A recent case has found that a comment relating to the physical
manifestation of a disability can be used to infer direct
discrimination on the basis of that disability.
The applicant, who was a single mother of four was originally
employed by the Taree Lunch Spot in June 2007 to work three hours
per day, two days per week starting at 11:30am. She also had a
second part time job working at an aged care facility. She suffered
from Chron's disease and as a result, had to wear a colostomy
bag. In October 2007, new owners took over the shop and they
continued the applicant's employment.
In spite of the applicant's family responsibilities and
despite her objections, the new owners substantially increased her
hours and put pressure on her to expand mobile sales. As the
applicant stated that she could not work those hours because of her
family responsibilities, the owners of the business indicated that
they would get a second person to help with mobile sales. However,
while there was a trial and some training of two other people, job
share arrangements were not put in place.
At the time, the applicant was given an assurance that her job
was safe and as a result she gave up her second job.
However, on returning from Christmas break, the applicant was
again told that she had to work increased hours.
The increased pressure made the applicant ill, as her
Crohn's disease symptoms became worse.
When the applicant called in sick, the owner indicated that her
job was 'safe' and gave her permission to take the rest of
the week off. In the meantime, the owner had advertised the
applicant's position in the local newspaper. The applicant saw
the advertisement and made several attempts at contacting her
When she finally made contact, her employer accused her of being
unreliable and of abandoning her employment and stated that she
could not come back to work.
Her employer then said words to the effect 'I do not want
you working in the business. You have no right working for us
running around with that shit bag hanging off you'.
In deciding the case, the Court found that the correct
comparator for the purposes of the Differential Treatment Test was
an employee of the Taree Lunch Spot, having the same position and
responsibilities of the applicant, who:
Did not have Crohn's disease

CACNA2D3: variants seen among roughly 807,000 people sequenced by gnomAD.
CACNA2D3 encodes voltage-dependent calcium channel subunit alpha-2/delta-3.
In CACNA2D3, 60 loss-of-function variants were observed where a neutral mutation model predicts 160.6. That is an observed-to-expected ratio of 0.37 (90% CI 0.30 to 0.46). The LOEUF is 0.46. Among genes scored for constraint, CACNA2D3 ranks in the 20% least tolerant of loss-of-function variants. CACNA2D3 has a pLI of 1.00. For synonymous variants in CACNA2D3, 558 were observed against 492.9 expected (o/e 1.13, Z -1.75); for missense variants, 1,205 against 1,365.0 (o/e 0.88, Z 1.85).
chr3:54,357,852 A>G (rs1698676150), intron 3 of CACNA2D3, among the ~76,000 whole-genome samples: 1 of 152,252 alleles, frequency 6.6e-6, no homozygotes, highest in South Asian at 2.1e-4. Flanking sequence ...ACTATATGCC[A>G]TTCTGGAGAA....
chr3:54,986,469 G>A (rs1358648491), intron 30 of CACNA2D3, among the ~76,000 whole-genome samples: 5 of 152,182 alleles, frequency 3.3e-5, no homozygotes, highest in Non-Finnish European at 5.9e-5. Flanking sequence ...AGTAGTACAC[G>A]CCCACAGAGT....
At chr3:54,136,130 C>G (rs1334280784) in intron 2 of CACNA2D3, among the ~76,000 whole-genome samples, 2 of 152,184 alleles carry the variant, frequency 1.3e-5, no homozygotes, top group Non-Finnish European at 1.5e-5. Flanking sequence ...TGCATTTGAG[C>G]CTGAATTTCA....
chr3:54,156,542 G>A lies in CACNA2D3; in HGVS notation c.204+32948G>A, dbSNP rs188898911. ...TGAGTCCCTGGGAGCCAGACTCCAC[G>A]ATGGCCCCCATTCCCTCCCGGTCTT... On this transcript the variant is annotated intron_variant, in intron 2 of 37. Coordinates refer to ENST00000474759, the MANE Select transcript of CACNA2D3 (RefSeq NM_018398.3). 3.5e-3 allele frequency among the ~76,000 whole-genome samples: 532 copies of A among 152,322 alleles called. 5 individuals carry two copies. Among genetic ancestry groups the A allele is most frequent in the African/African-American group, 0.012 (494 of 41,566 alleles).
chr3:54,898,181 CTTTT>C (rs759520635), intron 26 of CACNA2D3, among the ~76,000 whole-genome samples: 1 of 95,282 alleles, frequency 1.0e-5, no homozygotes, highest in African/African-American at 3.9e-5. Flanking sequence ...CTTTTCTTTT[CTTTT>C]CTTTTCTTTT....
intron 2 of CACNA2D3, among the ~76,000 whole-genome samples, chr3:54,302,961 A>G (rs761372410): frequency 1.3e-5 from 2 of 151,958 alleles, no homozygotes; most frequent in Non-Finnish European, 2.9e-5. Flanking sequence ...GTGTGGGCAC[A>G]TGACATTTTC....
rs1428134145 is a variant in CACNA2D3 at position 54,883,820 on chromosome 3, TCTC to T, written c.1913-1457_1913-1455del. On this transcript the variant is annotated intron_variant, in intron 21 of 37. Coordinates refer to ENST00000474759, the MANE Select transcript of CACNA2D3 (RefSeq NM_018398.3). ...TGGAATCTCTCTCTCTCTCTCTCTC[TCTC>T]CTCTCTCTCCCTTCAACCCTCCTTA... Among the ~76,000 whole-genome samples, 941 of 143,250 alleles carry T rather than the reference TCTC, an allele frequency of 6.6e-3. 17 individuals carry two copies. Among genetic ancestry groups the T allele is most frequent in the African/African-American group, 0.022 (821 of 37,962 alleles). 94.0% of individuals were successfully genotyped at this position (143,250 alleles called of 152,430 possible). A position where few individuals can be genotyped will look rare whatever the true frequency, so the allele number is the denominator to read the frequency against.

Was a well regarded employee
Carried a colostomy bag
Was unable to work in the mobile van on a full-time basis
Was absent from work for a short period of time.
The Court held that an objective assessment must be made as to
whether the colostomy bag itself was an impairment to the
applicant's capacity and the actual performance of her duties
in her employment.
Federal Magistrate Nicholls found that while the colostomy bag
did not impair her performance, the wearing of the colostomy bag
(which was a physical manifestation of her disability) had led to
less favourable treatment of the applicant when compared with other
The court also imputed meaning from the defendant's
statements criticising the applicant's symptoms, stating that
'it is appropriate to draw the inference that [the defendant]
discriminated against [the applicant] because of her
Federal Magistrate Nicholls further found that other employees
had displayed inefficiency and poor performance and yet they had
merely been redeployed to other positions, while the applicant who
had previously been praised for her performance was dismissed.
The court also found that the applicant had been discriminated
against on the basis of her family responsibilities.
Consequently, Federal Magistrate Nicholls accepted the
applicant's claim that she was dismissed for her disability,
and awarded damages of $15,000. He then accepted that the amount
'should be increased on the basis of aggravated damages given
the behaviour of [the defendant] in acting in an insulting manner
when committing the unlawful discrimination' to $20,000.
The Court further awarded $33,394.50 in lost wages as well as
costs and interest.
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guide to the subject matter. Specialist advice should be sought
about your specific circumstances.
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Long experience representing many of Australia's leading employers has taught us that in employment litigation the identity of an employee's representative is a major factor in how employee litigation runs.
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